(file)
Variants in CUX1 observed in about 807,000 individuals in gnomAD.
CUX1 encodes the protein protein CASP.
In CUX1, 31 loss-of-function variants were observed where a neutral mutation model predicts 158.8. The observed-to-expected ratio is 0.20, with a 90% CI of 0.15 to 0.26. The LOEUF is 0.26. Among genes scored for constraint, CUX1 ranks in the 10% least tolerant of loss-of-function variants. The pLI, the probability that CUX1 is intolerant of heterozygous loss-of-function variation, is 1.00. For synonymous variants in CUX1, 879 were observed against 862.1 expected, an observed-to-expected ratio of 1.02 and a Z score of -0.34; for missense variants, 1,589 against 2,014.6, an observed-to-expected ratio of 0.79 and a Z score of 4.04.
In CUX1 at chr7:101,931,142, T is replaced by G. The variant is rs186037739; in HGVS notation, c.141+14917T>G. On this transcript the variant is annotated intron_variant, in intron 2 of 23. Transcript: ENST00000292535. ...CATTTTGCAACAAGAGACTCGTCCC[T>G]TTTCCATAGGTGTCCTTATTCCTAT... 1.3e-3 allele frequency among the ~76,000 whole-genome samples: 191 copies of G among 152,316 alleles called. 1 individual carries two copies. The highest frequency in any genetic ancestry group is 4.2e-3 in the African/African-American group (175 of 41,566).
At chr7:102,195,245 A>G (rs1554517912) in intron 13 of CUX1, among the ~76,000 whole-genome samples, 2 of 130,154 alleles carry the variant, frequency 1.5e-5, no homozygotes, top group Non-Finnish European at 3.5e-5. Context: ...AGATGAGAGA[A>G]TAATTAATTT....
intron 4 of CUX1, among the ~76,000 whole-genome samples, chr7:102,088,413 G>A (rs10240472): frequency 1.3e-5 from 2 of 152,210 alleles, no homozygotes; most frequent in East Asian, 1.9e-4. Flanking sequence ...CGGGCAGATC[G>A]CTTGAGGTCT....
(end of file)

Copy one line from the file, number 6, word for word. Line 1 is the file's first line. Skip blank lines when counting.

intron 4 of CUX1, among the ~76,000 whole-genome samples, chr7:102,088,413 G>A (rs10240472): frequency 1.3e-5 from 2 of 152,210 alleles, no homozygotes; most frequent in East Asian, 1.9e-4. Flanking sequence ...CGGGCAGATC[G>A]CTTGAGGTCT....